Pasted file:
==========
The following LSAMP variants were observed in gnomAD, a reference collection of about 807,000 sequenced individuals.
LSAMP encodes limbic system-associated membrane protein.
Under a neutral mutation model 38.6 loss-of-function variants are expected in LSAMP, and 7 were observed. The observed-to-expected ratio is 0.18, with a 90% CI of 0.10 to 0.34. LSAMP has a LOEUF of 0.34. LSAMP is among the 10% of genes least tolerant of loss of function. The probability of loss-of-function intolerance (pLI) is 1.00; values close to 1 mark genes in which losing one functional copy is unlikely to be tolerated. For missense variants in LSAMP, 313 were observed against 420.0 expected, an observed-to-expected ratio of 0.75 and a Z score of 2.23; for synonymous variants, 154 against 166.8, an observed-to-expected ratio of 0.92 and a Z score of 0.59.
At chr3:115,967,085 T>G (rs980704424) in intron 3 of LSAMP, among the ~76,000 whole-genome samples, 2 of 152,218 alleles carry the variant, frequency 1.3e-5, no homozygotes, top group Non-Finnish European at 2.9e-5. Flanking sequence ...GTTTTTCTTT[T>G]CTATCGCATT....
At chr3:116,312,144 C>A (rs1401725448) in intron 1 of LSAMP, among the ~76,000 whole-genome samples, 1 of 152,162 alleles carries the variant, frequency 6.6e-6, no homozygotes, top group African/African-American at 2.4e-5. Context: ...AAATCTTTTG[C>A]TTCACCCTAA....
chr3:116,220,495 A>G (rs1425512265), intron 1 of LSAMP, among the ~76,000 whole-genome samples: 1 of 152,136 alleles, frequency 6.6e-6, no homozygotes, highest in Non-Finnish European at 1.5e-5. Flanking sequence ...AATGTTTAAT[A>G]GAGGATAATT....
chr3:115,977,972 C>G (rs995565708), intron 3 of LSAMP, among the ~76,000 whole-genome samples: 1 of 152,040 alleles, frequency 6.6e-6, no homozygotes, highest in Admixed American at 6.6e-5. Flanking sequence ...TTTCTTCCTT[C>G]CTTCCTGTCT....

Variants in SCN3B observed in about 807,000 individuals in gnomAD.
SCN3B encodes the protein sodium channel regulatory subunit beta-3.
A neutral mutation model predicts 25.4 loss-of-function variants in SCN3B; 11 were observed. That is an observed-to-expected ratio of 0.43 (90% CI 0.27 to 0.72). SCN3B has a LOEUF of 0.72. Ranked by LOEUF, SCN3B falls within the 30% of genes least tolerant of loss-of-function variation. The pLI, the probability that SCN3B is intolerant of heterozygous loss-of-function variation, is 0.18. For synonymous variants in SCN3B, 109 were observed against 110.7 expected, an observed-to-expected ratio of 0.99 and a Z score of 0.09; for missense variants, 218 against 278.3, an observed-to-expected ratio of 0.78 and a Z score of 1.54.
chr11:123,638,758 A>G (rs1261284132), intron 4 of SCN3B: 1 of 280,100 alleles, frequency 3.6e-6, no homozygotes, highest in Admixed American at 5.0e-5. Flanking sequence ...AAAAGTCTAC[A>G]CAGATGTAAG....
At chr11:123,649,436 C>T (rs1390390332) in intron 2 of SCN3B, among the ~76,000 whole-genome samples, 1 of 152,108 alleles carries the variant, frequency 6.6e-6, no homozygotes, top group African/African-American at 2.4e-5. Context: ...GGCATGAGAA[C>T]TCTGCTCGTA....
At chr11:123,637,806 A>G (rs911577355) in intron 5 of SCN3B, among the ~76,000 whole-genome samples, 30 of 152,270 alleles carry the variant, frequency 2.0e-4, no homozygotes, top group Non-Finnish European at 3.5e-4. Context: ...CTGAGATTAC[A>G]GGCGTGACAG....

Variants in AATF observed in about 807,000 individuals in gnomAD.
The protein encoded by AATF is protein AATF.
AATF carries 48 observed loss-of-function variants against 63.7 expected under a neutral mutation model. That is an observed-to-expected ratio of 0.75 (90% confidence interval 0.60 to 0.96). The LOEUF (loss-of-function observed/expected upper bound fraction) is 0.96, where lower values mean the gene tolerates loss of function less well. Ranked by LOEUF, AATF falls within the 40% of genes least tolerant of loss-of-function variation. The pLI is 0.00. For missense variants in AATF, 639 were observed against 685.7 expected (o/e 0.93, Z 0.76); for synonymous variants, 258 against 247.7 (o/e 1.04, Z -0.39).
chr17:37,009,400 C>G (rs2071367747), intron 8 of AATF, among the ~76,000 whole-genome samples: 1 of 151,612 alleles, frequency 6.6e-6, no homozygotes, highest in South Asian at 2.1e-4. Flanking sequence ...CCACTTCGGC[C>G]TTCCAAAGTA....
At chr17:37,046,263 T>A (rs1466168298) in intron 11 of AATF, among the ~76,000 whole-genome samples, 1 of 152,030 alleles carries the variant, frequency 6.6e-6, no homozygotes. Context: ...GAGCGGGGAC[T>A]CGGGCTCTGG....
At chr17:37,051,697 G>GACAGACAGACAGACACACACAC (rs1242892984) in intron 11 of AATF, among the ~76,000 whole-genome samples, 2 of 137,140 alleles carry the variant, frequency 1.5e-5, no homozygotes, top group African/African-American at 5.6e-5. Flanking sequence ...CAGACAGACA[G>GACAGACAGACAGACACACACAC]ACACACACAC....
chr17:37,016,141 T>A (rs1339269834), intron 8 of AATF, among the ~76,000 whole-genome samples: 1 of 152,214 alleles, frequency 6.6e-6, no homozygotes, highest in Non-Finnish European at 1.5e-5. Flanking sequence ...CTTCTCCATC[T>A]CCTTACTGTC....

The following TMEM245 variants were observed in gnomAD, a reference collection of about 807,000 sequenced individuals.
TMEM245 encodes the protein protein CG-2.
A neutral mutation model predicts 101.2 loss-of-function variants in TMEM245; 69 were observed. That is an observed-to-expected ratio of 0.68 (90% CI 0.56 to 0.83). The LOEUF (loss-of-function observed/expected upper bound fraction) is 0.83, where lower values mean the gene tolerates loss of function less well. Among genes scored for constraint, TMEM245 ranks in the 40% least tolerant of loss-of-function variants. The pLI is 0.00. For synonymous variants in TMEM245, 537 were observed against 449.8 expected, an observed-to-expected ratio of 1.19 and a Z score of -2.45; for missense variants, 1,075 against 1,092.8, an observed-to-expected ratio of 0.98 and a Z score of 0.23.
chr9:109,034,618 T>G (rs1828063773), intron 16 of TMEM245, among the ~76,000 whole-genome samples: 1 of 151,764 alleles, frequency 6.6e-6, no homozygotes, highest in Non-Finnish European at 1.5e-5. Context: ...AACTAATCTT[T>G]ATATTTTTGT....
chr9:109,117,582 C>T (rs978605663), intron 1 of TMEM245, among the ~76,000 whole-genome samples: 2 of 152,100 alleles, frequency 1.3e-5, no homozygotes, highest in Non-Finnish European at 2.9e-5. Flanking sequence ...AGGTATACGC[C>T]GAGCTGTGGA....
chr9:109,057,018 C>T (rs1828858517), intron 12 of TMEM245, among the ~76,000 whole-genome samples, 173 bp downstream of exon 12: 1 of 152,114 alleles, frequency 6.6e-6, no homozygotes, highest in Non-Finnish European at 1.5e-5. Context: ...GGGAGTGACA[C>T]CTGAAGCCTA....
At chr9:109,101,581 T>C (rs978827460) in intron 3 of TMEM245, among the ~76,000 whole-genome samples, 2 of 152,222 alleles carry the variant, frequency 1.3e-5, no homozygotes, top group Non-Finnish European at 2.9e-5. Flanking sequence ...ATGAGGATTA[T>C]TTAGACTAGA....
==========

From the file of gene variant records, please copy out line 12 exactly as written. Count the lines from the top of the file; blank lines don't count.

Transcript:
At chr11:123,649,436 C>T (rs1390390332) in intron 2 of SCN3B, among the ~76,000 whole-genome samples, 1 of 152,108 alleles carries the variant, frequency 6.6e-6, no homozygotes, top group African/African-American at 2.4e-5. Context: ...GGCATGAGAA[C>T]TCTGCTCGTA....